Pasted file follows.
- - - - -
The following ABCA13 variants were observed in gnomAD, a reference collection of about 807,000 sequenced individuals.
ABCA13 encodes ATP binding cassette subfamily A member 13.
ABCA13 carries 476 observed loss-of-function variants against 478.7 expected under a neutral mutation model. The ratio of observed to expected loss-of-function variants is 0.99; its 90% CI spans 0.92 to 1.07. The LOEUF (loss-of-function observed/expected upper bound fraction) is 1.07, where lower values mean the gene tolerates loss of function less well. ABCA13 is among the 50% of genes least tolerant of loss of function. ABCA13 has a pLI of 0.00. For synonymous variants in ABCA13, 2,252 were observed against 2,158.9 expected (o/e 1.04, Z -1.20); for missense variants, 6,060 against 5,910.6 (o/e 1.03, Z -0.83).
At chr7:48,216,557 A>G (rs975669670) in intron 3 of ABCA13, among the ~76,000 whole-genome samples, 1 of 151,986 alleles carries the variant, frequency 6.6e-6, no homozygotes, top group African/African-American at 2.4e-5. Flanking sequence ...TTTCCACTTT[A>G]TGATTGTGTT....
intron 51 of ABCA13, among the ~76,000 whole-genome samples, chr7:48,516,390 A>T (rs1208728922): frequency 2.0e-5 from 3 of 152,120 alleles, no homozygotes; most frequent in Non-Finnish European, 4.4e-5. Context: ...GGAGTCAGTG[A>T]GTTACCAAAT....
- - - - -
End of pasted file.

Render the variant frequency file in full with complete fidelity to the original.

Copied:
The following ABCA13 variants were observed in gnomAD, a reference collection of about 807,000 sequenced individuals.
ABCA13 encodes ATP binding cassette subfamily A member 13.
ABCA13 carries 476 observed loss-of-function variants against 478.7 expected under a neutral mutation model. The ratio of observed to expected loss-of-function variants is 0.99; its 90% CI spans 0.92 to 1.07. The LOEUF (loss-of-function observed/expected upper bound fraction) is 1.07, where lower values mean the gene tolerates loss of function less well. ABCA13 is among the 50% of genes least tolerant of loss of function. ABCA13 has a pLI of 0.00. For synonymous variants in ABCA13, 2,252 were observed against 2,158.9 expected (o/e 1.04, Z -1.20); for missense variants, 6,060 against 5,910.6 (o/e 1.03, Z -0.83).
At chr7:48,216,557 A>G (rs975669670) in intron 3 of ABCA13, among the ~76,000 whole-genome samples, 1 of 151,986 alleles carries the variant, frequency 6.6e-6, no homozygotes, top group African/African-American at 2.4e-5. Flanking sequence ...TTTCCACTTT[A>G]TGATTGTGTT....
intron 51 of ABCA13, among the ~76,000 whole-genome samples, chr7:48,516,390 A>T (rs1208728922): frequency 2.0e-5 from 3 of 152,120 alleles, no homozygotes; most frequent in Non-Finnish European, 4.4e-5. Context: ...GGAGTCAGTG[A>T]GTTACCAAAT....